P.L. 110-161, Consolidated Appropriations Act of 2008: (c) In compliance with applicable Federal and State laws, the Secretary (acting through the Commissioner of Reclamation), in collaboration with the Executive Committee, may enter into any grants, contracts, cooperative agreements, interagency agreements, or other agreements that the Secretary determines to be necessary to comply with the 2003 Biological Opinion described in section 205(b) of the Energy and Water Development Appropriations Act, 2005 (Public Law 108-447; 118 Stat. 2949) as amended by section 121(b) of the Energy and Water Development Appropriations Act, 2006 (Public Law 109-103; 119 Stat. 2256) or in furtherance of the objectives set forth in the collaborative program long-term plan. P.L. 111-8, Omnibus Appropriations Act, 2009: (b) The Secretary of the Interior (referred to in this section as the ‘‘Secretary’’) shall establish and maintain an Executive Committee of the Middle Rio Grande Endangered Species Collaborative Program (referred to in this section as the ‘‘Executive Committee’’) consistent with the bylaws of the Middle Rio Grande Endangered Species Collaborative Program adopted on October 2, 2006. (c) Hereafter, in compliance with applicable Federal and State laws, the Secretary (acting through the Commissioner of Reclamation), in collaboration with the Executive Committee, may enter into any grants, contracts, cooperative agreements, interagency agreements, or other agreements that the Secretary determines to be necessary to comply with the 2003 Biological Opinion described in section 205(b) of the Energy and Water Development Appropriations Act, 2005 (Public Law 108–447; 118 Stat. 2949) as amended by section 121(b) of the Energy and Water Development Appropriations Act, 2006 (Public Law 109–103; 119 Stat. 2256) or any related subsequent biological opinion or in furtherance of the objectives set forth in the collaborative program long-term plan.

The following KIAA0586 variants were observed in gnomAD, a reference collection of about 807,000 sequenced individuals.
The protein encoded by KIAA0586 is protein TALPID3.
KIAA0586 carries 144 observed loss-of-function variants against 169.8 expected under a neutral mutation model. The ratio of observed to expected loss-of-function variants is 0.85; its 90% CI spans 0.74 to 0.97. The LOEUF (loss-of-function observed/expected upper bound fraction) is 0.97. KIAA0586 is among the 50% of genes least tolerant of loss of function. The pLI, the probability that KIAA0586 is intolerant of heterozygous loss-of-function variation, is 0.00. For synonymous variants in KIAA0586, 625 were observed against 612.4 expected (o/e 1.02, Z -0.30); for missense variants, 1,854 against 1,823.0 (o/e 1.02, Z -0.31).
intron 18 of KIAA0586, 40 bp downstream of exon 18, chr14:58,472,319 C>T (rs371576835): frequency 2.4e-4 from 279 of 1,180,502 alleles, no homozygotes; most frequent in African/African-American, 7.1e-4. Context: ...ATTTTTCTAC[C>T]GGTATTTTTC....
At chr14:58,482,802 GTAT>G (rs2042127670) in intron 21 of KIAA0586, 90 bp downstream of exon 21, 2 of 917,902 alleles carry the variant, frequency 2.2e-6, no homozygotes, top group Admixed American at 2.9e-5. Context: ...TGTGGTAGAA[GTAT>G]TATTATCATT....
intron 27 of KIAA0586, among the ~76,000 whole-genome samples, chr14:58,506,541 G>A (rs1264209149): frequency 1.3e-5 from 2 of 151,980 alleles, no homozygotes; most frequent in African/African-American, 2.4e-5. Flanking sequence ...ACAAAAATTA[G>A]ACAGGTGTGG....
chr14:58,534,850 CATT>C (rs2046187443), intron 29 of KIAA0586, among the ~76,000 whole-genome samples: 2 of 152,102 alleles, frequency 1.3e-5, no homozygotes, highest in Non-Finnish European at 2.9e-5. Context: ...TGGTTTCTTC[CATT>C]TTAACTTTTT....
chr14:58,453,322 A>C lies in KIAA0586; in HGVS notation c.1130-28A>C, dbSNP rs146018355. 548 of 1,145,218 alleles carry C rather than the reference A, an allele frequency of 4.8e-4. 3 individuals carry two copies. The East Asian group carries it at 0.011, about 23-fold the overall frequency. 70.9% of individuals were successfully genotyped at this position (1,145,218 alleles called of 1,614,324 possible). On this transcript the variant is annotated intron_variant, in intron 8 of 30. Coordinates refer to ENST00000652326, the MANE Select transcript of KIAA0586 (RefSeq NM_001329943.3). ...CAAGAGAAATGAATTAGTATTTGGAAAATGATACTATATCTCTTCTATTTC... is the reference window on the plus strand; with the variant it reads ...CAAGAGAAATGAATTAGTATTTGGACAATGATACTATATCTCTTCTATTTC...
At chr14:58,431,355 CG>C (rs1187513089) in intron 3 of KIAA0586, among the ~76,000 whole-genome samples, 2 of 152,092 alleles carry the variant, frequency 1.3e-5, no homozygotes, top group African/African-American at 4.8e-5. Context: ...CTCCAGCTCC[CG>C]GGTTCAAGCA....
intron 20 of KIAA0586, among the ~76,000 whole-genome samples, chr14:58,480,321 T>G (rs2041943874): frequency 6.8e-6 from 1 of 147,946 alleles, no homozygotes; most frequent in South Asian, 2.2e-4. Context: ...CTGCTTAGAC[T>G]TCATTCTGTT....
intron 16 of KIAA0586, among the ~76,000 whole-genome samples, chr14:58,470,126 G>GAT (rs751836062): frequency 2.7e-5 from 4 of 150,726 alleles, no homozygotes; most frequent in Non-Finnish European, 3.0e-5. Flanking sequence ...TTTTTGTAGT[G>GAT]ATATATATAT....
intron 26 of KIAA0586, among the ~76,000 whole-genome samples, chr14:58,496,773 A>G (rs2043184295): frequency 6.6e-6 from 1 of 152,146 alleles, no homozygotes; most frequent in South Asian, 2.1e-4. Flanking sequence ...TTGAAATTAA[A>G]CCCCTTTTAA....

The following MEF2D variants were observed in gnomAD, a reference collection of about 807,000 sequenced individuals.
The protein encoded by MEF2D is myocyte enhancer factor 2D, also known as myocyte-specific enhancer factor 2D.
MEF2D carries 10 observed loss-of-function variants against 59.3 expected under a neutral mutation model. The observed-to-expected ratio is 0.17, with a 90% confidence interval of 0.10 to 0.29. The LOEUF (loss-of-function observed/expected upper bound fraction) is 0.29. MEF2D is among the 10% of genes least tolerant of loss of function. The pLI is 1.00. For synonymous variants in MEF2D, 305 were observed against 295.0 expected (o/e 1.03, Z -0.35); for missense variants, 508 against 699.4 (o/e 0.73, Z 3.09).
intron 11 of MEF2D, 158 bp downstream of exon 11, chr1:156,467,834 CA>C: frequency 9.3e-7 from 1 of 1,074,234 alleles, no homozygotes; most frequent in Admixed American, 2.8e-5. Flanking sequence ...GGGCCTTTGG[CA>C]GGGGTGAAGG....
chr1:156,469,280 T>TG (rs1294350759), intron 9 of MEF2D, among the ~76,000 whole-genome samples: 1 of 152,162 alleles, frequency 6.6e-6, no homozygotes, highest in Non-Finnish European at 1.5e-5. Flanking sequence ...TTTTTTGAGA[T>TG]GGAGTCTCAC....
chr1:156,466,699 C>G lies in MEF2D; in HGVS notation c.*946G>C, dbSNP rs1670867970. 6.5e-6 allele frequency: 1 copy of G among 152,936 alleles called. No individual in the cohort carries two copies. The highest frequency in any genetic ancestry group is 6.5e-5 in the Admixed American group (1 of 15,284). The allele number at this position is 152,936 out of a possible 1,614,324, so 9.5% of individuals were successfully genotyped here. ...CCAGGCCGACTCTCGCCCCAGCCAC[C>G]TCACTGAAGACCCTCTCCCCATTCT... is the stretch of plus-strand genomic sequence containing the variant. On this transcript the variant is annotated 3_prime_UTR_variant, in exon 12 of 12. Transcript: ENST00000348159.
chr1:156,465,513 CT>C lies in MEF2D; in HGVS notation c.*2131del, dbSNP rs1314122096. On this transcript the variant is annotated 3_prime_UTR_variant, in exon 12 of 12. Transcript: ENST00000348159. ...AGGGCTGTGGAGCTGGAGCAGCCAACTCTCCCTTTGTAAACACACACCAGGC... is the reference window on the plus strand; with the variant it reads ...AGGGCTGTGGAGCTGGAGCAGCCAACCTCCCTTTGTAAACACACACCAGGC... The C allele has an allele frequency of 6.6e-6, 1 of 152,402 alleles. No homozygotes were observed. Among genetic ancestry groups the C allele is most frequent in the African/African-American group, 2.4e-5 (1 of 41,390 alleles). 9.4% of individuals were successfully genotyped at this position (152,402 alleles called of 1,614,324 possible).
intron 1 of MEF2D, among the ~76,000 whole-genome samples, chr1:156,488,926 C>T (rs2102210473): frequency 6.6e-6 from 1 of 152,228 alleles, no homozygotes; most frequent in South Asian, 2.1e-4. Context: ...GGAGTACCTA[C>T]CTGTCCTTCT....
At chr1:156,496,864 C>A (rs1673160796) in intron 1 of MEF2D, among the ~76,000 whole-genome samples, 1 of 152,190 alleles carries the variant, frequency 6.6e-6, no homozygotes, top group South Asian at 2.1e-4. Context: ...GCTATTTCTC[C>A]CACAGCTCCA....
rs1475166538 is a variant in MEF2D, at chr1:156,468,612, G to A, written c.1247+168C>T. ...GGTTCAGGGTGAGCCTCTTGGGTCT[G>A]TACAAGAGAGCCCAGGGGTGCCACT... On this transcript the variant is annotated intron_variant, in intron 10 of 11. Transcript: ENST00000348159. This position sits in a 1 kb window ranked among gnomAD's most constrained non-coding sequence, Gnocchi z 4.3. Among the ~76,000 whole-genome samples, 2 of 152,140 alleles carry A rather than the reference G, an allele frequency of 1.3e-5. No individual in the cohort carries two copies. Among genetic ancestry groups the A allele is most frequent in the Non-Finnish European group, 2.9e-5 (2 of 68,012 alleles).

Who is eligible to apply/benefit from this assistance?
Applicant Eligibility
Federal, Interstate, Intrastate, State, Local, Public nonprofit institution/organization, Other public institution/organization, Federally Recognized Tribal Government, Specialized Group, Private Non-profit Institution/Organization.
Beneficiary Eligibility
Federal, Interstate, Intrastate, State, Local, Public nonprofit institution/organization, Other public institution/organization, Federally Recognized Tribal Government, Specialized Group, Private Non-profit Institution/Organization.
Credentials/Documentation
Whenever applicable, all necessary federal, state, local, and/or private access, collection, and other environmental permits must be provided.
What is the process for applying and being award this assistance?
Pre-Application Procedure